Under an ambitious program, dubbed Replicator, the Pentagon aims to field thousands of autonomous systems within two years to counter China. The effort is being spearheaded by Deputy Defense Secretary Kathleen Hicks. Politico reports: Hicks said the time is right to push to rapidly scale up innovative technology. The move comes as the U.S. looks to get creative to deter China in the Indo-Pacific and Pentagon leadership has taken stock of how Ukraine has fended off Russia’s invasion. “Industry is ready. The culture is ready to shift,” Hicks said. “We have to drive that from the top, and we need to give it a hard target.” “The great paradox of military innovation is you’re going to have to make big bets and you’ve got to execute on those bets,” she added.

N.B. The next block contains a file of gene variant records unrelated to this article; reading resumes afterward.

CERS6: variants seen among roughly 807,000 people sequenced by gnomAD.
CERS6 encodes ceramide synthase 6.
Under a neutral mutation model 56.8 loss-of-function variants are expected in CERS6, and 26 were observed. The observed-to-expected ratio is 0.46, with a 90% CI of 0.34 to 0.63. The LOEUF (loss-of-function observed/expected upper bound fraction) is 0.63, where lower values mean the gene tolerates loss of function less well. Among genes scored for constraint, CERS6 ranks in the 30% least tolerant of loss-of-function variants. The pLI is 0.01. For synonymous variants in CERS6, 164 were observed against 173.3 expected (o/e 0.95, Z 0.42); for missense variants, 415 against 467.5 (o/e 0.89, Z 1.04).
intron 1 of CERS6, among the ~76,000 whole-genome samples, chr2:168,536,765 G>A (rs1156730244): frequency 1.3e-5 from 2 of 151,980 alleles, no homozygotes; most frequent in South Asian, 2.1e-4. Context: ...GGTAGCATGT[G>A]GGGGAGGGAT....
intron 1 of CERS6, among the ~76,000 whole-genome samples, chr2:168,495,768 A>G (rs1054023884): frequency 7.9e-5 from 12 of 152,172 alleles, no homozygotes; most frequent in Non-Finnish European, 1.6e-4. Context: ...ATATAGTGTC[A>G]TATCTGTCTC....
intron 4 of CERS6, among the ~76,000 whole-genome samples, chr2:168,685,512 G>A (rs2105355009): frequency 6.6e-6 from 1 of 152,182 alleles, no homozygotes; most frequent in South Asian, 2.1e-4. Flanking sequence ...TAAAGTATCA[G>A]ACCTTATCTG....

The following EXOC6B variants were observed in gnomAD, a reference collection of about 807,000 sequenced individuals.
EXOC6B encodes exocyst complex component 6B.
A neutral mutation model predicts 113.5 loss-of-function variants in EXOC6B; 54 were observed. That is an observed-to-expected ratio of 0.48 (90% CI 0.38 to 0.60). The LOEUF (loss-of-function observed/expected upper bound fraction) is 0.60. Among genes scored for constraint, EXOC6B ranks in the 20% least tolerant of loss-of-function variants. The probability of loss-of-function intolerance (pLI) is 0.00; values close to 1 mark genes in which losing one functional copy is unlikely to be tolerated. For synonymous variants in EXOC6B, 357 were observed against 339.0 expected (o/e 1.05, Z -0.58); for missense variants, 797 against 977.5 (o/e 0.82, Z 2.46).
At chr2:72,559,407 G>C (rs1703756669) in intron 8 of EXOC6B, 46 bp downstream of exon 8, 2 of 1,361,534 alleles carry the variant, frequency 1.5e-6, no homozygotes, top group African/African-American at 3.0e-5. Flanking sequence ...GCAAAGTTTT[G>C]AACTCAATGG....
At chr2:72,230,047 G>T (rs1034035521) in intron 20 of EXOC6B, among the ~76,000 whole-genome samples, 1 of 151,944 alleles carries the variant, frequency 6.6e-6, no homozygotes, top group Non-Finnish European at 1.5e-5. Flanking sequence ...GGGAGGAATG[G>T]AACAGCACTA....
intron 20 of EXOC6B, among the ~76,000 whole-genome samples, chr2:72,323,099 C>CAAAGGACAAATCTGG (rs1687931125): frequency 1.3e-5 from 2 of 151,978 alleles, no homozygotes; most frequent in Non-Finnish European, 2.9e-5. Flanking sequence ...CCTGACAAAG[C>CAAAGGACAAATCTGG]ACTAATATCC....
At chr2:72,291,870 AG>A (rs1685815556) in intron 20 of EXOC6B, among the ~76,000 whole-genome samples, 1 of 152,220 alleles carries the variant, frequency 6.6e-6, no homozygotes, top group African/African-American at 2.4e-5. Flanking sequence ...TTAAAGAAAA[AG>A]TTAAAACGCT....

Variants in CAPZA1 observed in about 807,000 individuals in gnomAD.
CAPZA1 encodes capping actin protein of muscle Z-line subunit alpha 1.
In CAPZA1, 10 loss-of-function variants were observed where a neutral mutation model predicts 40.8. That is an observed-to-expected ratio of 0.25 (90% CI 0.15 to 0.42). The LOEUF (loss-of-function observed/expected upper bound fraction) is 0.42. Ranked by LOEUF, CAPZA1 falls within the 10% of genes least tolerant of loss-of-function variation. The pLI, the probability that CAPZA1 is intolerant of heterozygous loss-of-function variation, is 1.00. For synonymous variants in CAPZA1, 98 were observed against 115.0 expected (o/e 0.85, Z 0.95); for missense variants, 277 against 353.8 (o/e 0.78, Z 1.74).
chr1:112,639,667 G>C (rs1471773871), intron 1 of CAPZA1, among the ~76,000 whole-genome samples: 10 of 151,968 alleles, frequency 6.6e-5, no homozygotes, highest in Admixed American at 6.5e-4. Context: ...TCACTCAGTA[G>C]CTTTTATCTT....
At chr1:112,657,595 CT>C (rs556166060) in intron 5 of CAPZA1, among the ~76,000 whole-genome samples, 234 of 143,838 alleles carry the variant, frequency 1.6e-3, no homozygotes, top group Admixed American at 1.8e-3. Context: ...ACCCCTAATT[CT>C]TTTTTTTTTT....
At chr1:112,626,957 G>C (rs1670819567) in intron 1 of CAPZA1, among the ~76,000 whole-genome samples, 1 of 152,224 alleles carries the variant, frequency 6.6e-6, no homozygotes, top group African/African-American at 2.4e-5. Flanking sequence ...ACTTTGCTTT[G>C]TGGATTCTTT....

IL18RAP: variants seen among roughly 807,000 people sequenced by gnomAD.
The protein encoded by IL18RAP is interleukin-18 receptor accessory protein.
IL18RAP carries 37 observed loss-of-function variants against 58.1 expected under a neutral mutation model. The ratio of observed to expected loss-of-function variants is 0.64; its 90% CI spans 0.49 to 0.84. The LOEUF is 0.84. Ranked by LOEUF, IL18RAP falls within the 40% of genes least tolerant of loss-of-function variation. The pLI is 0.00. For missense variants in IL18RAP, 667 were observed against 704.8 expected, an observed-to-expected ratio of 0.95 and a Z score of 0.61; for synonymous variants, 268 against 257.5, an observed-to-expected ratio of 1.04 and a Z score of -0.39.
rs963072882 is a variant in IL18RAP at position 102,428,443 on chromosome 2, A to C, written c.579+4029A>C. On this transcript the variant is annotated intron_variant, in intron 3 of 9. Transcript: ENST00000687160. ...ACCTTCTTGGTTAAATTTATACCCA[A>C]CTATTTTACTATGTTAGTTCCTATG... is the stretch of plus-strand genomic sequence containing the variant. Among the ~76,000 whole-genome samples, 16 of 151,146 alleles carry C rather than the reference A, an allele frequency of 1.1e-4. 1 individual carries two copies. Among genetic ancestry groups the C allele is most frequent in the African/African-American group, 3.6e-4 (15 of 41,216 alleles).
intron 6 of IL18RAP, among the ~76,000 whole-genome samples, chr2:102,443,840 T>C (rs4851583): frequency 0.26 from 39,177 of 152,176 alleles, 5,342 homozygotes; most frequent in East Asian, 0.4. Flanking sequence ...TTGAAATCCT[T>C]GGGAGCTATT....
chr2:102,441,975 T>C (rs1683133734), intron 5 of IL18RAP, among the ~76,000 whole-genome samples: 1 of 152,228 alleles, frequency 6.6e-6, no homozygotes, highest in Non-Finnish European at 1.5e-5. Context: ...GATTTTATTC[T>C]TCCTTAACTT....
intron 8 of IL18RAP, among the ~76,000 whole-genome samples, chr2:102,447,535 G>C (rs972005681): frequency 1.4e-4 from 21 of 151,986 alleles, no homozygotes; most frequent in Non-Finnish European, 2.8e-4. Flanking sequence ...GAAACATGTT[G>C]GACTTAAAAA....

With Replicator, the Pentagon aims to have thousands of autonomous systems across various domains produced and delivered in 18 to 24 months. Hicks declined to discuss what specific platforms might be produced under the program — such as aerial drones or unmanned ships — citing the “competition landscape” in the defense industry as well as concerns about tipping DOD’s hand to China. The Pentagon will instead “say more as we get to production on capabilities.”
Autonomous weapons are seen as a potential way to counter China’s numerical advantages in ships, missiles and troops in a rapidly narrowing window. Fielding large numbers of cheap, expendable drones, proponents argue, is faster and lower-cost than exquisite weapons systems and puts fewer troops at risk. Another major aim of the Replicator initiative is to provide a template for future efforts to rapidly field military technology. She said lessons from the Replicator program could be applied throughout the Pentagon, military services and combatant commands.